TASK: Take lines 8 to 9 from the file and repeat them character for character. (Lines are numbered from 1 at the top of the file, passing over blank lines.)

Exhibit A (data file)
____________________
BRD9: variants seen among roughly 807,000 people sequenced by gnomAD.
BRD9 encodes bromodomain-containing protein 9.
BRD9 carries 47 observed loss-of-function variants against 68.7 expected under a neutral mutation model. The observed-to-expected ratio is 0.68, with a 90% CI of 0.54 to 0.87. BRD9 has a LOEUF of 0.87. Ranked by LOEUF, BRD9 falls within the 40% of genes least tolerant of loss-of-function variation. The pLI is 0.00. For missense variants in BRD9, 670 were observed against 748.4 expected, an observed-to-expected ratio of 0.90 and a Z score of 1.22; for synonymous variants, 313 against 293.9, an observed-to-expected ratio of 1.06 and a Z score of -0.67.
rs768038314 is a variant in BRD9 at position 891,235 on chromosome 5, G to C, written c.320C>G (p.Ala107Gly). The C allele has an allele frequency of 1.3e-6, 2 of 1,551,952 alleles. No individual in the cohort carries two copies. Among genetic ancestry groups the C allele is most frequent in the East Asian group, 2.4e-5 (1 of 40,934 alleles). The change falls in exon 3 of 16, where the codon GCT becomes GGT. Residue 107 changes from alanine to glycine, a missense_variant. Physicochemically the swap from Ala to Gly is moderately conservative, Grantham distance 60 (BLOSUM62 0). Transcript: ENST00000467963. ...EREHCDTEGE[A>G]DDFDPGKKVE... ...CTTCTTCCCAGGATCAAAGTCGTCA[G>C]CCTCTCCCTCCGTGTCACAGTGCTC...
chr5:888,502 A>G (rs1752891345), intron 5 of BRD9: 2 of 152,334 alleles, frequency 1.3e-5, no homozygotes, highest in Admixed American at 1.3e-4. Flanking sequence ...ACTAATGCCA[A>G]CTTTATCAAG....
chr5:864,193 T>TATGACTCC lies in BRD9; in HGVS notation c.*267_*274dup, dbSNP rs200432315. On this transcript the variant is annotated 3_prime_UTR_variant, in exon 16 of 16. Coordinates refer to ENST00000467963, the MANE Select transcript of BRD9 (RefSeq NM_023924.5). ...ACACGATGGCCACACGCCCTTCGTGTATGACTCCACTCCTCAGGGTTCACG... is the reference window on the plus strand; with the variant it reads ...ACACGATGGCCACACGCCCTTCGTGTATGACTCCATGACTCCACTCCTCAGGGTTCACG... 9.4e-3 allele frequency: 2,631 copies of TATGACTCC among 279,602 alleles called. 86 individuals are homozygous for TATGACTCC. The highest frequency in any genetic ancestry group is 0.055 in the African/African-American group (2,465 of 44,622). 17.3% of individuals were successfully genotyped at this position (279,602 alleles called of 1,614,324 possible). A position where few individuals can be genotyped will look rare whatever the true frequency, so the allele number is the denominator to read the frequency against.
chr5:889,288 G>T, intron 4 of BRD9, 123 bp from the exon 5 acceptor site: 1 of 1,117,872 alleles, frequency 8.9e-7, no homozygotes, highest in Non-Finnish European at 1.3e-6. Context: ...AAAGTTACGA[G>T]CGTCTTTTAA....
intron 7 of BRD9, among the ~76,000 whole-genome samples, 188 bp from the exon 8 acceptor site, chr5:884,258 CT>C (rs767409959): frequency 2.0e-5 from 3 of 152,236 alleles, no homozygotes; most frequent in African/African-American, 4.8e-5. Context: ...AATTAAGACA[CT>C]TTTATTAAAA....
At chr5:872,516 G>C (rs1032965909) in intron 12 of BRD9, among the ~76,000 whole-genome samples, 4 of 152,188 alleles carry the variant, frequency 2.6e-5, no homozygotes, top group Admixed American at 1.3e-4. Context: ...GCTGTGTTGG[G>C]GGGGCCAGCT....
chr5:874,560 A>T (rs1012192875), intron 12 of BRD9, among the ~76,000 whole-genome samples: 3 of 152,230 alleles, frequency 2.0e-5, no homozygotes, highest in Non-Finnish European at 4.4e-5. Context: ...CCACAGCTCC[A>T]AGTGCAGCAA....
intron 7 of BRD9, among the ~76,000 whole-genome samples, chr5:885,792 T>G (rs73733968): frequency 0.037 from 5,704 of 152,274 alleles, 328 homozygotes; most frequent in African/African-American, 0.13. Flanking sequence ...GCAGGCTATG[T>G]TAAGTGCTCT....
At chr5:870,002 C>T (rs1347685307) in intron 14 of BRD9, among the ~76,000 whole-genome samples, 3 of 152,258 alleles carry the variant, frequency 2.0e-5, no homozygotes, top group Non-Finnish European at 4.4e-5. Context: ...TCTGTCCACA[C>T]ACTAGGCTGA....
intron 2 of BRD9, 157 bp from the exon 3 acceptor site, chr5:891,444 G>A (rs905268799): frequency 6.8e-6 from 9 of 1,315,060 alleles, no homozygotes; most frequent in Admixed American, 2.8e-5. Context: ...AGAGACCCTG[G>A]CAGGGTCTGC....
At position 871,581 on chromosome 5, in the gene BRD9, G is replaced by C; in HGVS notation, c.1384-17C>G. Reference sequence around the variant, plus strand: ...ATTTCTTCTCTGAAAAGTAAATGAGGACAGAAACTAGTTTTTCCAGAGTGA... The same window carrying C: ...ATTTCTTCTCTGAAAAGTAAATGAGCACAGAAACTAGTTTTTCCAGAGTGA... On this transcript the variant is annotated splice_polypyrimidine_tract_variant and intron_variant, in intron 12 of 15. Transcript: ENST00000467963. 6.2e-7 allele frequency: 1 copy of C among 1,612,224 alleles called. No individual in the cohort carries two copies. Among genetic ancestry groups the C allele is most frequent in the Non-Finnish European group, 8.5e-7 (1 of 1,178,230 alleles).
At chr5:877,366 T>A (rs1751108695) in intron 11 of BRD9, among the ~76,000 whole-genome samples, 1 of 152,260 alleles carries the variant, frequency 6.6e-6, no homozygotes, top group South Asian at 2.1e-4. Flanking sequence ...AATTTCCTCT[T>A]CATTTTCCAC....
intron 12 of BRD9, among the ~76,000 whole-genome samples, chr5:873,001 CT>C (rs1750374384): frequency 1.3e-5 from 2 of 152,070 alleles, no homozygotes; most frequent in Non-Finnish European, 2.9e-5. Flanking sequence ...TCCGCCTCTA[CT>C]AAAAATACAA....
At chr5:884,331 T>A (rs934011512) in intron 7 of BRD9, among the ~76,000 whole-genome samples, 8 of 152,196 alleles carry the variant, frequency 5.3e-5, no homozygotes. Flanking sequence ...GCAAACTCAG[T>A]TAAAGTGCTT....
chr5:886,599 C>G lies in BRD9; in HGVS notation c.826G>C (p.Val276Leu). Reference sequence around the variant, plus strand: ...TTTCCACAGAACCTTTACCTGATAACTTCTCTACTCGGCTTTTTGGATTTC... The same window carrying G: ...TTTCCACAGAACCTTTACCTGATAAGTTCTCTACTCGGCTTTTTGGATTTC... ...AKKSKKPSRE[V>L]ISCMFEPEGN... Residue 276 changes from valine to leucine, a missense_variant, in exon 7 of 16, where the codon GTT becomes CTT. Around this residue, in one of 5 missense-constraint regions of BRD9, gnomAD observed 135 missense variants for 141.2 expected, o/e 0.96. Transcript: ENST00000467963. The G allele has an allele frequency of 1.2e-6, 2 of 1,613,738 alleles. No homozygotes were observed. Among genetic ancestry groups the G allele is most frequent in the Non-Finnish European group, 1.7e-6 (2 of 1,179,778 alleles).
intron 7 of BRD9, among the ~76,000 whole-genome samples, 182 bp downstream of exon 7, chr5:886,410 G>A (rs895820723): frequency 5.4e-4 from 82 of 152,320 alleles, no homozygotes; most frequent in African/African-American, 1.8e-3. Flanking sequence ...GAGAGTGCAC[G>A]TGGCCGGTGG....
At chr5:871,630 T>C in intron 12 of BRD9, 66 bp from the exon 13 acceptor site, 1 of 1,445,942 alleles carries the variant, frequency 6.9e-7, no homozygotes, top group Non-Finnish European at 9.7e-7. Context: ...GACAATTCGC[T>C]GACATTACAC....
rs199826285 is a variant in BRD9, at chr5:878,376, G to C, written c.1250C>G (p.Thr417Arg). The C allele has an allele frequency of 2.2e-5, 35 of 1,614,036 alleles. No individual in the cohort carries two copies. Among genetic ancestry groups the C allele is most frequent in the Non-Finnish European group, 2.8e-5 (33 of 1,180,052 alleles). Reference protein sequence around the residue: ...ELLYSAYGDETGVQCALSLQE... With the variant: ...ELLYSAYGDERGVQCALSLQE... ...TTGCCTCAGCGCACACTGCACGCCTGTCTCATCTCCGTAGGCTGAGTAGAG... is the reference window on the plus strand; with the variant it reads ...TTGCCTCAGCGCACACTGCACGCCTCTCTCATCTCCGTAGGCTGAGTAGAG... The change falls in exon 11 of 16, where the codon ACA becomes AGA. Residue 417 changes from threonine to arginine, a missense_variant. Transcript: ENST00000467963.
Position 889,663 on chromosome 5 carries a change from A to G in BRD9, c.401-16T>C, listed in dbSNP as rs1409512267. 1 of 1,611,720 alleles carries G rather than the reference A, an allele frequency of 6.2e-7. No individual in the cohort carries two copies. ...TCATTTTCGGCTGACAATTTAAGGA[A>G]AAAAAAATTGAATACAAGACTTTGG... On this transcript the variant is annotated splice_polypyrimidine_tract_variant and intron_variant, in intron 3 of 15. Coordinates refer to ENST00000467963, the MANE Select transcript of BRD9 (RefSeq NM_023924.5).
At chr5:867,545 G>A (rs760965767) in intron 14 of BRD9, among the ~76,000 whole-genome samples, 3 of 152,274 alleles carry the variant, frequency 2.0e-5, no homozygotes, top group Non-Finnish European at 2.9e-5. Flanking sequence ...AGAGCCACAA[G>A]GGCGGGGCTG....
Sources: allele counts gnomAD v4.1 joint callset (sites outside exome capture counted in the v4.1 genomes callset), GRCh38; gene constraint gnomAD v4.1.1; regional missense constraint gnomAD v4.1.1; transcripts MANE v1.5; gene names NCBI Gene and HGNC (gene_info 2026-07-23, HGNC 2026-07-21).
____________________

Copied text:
intron 7 of BRD9, among the ~76,000 whole-genome samples, 188 bp from the exon 8 acceptor site, chr5:884,258 CT>C (rs767409959): frequency 2.0e-5 from 3 of 152,236 alleles, no homozygotes; most frequent in African/African-American, 4.8e-5. Context: ...AATTAAGACA[CT>C]TTTATTAAAA....
At chr5:872,516 G>C (rs1032965909) in intron 12 of BRD9, among the ~76,000 whole-genome samples, 4 of 152,188 alleles carry the variant, frequency 2.6e-5, no homozygotes, top group Admixed American at 1.3e-4. Context: ...GCTGTGTTGG[G>C]GGGGCCAGCT....